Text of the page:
On a North Woods lake in summer, loons stick out conspicuously as large, tuxedoed birds swimming about in the middle of the lake. They can be very vocal and easy to locate, as the yodeling of one loon will often elicit a chorus response from other loons in the area.
The Common Loon swims underwater to catch fish, propelling itself with its feet. It swallows most of its prey underwater. The loon has sharp, rearward-pointing projections on the roof of its mouth and tongue that help it keep a firm hold on slippery fish.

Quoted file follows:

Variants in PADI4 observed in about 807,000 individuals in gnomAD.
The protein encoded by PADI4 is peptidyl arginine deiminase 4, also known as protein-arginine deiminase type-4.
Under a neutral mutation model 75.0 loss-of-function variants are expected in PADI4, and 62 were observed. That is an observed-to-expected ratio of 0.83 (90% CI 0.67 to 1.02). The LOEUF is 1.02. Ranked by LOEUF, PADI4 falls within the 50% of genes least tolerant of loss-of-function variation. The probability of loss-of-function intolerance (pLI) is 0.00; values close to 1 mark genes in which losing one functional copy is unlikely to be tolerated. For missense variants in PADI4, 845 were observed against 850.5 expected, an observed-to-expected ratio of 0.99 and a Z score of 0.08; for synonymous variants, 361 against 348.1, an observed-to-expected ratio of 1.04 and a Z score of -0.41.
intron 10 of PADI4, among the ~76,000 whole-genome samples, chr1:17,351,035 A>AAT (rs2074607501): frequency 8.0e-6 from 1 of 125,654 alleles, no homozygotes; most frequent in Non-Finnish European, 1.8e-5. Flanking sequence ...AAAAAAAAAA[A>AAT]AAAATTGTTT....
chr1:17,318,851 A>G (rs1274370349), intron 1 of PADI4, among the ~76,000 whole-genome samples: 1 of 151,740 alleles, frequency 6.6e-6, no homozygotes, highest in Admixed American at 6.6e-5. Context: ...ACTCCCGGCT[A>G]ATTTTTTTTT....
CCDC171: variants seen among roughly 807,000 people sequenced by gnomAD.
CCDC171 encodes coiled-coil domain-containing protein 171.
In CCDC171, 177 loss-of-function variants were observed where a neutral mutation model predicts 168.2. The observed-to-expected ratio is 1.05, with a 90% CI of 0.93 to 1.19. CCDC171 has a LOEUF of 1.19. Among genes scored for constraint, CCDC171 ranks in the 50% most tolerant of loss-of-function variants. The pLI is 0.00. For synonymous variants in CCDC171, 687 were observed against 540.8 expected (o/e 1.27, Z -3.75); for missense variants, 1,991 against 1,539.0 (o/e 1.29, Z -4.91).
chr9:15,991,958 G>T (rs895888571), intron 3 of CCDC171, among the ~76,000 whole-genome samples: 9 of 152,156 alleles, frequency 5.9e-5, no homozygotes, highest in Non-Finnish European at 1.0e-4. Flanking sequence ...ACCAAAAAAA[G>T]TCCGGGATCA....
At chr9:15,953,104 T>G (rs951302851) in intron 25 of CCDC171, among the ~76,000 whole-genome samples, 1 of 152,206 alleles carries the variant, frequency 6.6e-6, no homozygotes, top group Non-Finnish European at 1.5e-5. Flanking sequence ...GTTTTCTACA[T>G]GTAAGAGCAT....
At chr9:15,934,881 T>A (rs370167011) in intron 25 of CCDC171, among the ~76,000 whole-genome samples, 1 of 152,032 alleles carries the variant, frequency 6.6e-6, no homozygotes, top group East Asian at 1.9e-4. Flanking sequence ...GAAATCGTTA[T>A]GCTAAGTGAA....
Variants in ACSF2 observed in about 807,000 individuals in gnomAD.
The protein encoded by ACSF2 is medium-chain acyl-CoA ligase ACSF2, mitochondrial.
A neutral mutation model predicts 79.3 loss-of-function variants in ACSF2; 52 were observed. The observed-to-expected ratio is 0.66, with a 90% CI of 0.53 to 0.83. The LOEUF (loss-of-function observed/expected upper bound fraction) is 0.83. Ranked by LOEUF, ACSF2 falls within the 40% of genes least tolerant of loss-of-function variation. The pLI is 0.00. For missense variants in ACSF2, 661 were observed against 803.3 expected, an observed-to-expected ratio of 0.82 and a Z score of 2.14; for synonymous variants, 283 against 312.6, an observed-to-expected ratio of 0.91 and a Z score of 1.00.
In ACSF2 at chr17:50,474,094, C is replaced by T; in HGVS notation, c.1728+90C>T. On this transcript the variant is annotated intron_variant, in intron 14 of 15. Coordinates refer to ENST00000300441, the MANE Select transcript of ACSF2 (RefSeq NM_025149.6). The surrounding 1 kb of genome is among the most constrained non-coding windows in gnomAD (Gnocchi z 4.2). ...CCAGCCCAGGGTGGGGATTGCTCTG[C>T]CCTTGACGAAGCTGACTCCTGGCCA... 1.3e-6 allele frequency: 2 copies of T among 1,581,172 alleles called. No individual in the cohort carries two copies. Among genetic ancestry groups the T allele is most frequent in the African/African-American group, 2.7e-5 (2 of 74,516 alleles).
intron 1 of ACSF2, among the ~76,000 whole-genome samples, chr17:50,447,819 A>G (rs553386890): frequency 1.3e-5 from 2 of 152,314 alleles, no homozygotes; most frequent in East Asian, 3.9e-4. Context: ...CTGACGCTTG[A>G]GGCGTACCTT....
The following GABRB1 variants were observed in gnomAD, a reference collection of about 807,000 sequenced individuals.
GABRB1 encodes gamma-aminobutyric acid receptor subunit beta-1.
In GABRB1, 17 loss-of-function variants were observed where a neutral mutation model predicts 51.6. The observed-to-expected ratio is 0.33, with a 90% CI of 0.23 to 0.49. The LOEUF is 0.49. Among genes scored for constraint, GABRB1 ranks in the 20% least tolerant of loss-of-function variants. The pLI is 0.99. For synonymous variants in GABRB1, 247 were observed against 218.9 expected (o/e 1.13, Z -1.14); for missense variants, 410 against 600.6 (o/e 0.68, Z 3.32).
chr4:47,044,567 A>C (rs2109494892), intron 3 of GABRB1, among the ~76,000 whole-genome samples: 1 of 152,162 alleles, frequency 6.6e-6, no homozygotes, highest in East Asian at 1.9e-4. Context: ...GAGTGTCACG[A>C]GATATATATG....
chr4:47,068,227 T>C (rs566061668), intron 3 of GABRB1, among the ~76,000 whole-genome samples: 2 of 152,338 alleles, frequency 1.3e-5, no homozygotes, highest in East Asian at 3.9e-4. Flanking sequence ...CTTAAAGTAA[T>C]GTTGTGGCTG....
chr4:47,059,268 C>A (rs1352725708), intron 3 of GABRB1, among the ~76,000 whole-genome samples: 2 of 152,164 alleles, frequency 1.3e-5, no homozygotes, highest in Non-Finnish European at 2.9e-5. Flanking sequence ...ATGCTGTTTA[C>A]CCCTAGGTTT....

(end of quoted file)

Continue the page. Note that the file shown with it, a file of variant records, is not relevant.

Loons are water birds, only going ashore to mate and incubate eggs. Their legs are placed far back on their bodies, allowing efficient swimming but only awkward movement on land.
Loons are agile swimmers, but they move pretty fast in the air, too. Migrating loons have been clocked flying at speeds more than 70 mph.